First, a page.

MANILA — In a first for The Philippines – a country with intermittent electricity supply and a history of electoral fraud – a computerised system is being used instead of the manual count used in most other countries. Despite 11th-hour glitches that meant the recall and re-programming of 76000 flash cards used to scan votes, the election commission (Comelec) remains confident that “the elections will go through”, according to Comelec chair Jose Melo. It is still not clear, however, whether the equipment will be ready and distributed across the whole archipelago in time. The election commission nonetheless is resisting calls from candidates and media to conduct a manual count in parallel and as a back-up to the computerised alternative, as Filipinos prepare to vote for a successor to President Gloria Macapagal-Arroyo, choosing from 3 main contenders have been described as a saint, a CEO and a movie star. The ‘saint’ in question is Benigno ‘Noynoy’ Aquino, son of former President and democracy icon Cory, who died in August 2009.
BEIRUT — With its sun-kissed Mediterranean coast, and cedar-laden snow-bound mountains, Lebanon, like California, is one of the few places where you can top up your tan in the morning, and ski in the afternoon. Add that to Beirut’s seen-to-be-seen party-hard attitude, great cuisine and plush shopping malls, it is easy to see why this tiny country was a Middle East culture-hub during the 20th century. But, as Scripture puts it, “the flower of Lebanon languisheth.” A recent power sharing deal cut in Doha, between the pro-West March 14 coalition and the Iran-backed Hezbollah-led opposition, might seem like progress for the politically-polarized nation, but in reality, Lebanon remains unstable.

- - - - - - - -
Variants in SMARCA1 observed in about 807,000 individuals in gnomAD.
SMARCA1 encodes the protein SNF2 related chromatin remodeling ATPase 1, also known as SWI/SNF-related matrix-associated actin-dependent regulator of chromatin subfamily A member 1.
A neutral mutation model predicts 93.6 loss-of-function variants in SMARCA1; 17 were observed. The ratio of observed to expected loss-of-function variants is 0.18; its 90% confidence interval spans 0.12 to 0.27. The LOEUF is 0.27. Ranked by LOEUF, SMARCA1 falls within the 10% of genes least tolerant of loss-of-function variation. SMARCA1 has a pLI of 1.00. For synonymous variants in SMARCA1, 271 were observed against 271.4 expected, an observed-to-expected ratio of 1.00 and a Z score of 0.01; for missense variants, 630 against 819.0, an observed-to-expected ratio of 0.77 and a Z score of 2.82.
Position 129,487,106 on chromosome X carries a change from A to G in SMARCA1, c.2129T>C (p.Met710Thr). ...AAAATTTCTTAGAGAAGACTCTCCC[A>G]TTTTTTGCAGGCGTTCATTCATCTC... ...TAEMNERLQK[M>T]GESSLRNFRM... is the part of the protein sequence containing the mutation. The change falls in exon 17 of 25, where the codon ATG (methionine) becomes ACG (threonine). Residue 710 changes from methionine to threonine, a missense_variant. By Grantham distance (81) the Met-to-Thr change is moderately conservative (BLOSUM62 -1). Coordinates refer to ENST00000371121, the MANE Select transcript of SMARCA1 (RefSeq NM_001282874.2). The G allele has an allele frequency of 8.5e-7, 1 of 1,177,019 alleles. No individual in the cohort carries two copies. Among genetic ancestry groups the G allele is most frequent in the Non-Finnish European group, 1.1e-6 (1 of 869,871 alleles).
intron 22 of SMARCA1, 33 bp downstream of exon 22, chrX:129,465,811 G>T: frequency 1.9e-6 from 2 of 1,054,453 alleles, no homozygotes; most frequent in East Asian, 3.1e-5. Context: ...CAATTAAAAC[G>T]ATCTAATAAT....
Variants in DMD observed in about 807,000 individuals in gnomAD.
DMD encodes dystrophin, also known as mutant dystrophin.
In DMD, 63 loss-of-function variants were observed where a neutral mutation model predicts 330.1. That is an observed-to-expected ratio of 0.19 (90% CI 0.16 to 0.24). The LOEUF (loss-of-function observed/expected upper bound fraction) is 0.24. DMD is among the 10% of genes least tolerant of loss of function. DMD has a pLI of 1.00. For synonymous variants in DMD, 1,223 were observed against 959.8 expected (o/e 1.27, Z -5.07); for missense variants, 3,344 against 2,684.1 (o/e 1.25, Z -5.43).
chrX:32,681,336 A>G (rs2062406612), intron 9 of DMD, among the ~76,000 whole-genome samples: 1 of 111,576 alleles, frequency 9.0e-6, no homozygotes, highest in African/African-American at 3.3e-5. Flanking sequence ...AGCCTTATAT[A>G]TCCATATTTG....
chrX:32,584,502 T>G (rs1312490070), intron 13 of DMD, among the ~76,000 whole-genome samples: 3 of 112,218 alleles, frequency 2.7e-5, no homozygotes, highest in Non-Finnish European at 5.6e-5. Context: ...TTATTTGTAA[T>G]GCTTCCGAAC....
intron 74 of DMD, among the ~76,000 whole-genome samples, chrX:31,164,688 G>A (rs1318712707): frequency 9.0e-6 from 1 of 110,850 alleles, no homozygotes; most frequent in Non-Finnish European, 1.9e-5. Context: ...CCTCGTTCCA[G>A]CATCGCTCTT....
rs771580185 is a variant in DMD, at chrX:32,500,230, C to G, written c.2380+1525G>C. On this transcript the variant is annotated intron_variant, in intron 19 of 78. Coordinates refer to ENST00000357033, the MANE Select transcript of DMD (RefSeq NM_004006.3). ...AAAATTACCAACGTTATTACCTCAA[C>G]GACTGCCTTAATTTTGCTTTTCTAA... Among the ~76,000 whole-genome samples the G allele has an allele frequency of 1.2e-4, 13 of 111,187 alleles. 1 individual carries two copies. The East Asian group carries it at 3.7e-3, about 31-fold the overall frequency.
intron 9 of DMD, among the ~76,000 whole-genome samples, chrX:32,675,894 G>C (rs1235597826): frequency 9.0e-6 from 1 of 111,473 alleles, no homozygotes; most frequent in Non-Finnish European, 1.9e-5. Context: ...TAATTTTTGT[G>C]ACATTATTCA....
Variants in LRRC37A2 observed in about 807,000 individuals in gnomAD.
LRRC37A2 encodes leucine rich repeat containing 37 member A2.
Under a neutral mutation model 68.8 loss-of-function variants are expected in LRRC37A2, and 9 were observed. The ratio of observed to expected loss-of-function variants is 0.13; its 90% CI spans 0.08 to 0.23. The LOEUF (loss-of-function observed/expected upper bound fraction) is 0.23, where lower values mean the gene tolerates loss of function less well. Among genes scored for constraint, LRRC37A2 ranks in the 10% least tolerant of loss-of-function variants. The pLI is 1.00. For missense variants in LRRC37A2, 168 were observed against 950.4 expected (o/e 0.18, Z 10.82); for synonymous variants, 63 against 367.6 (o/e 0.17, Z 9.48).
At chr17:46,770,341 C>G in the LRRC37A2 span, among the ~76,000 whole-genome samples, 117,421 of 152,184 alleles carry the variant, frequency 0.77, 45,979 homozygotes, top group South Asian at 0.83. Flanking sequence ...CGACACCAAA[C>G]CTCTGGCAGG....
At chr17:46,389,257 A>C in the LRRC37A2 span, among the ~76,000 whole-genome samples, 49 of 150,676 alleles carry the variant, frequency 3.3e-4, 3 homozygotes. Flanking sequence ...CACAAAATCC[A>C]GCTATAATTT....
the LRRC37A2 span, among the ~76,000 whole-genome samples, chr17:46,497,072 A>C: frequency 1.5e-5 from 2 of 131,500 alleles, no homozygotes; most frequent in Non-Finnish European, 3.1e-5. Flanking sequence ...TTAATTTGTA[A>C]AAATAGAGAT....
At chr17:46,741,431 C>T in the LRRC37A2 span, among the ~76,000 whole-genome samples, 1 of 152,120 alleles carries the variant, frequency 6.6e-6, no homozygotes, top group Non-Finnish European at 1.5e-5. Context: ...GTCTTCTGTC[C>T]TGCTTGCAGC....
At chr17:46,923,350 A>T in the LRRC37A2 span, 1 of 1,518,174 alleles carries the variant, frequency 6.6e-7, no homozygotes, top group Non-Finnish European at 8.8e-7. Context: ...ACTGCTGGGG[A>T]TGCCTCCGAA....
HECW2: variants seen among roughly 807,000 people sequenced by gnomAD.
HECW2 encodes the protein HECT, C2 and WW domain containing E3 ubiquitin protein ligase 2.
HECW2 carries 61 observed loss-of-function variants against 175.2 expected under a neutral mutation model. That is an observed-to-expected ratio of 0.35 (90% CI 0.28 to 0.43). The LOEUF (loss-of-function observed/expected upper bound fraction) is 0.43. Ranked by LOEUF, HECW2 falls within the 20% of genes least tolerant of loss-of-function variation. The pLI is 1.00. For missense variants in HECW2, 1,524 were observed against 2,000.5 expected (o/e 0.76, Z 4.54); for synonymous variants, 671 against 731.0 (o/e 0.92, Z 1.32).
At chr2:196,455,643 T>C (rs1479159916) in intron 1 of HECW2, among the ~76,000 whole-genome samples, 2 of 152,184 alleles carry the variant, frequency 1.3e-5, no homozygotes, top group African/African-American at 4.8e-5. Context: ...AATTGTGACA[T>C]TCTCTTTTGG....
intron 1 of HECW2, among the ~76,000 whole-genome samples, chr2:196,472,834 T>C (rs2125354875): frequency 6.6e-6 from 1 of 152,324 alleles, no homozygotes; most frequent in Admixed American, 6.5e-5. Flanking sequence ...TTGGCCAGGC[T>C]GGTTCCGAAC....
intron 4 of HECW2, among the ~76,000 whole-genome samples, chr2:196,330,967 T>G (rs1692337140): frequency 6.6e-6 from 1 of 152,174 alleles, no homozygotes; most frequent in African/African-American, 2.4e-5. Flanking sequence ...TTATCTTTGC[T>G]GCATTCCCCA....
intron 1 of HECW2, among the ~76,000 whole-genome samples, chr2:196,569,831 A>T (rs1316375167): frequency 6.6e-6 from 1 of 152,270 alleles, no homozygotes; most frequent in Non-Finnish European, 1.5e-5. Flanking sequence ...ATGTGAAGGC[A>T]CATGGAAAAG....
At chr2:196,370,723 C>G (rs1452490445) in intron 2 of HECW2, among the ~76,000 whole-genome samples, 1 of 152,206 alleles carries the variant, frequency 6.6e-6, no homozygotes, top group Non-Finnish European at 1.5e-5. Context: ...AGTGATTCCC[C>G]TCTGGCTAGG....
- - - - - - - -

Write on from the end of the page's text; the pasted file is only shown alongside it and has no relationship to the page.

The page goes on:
MITROVICA — Supporters of Kosovar independence say Pristina’s is a standalone case, legitimate under international law. ‘‘Kosovo is not like anywhere else, and we deserve our independence,” Pristina pharmacy student Laura told The Sunday Business Post. At a Serb demonstration in Mitrovica last Wednesday, Mario Jovanovic, from Vranje in southern Serbia, said: ‘‘For us, Kosovo is holy land.” He said hundreds of Serbs had crossed into Kosovo’s majority-Serb municipalities, after mobs torched and bulldozed two border posts earlier that day. Even if Serb regular forces do not attempt to retake Kosovo, most experts expect partition of the new state. Belgrade controls the region north of Mitrovica, and Daniel Serwer, Balkan expert at the United States Institute for Peace, told this newspaper that ‘‘only with great difficulty’’ would Nato and the EU alter this status quo.
PRISTINA — The birth pangs from the emergence of the world’s newest nation reverberated yesterday from New York to Moscow as Serbia and its ally Russia rejected a unilateral declaration of independence by the self-proclaimed “Republic of Kosova.” But the Serb-Russian gambit did little to dampen the jubilation in the streets of Pristina, where red-and-black-clad celebrants waved U.S. and Kosovar flags, exploded firecrackers and ate from an enormous cake intended to feed 30,000 people. Prime Minister Hashim Thaci issued his proclamation at mid afternoon, using the Albanian-language spelling for the longtime Serbian province. The parliament followed quickly with a unanimous vote of approval as tens of thousands gathered outside. Serbia, however, rejected the loss of a province it considers its historic heartland, and its ally Russia asked for an emergency meeting of the U.N. Security Council in New York.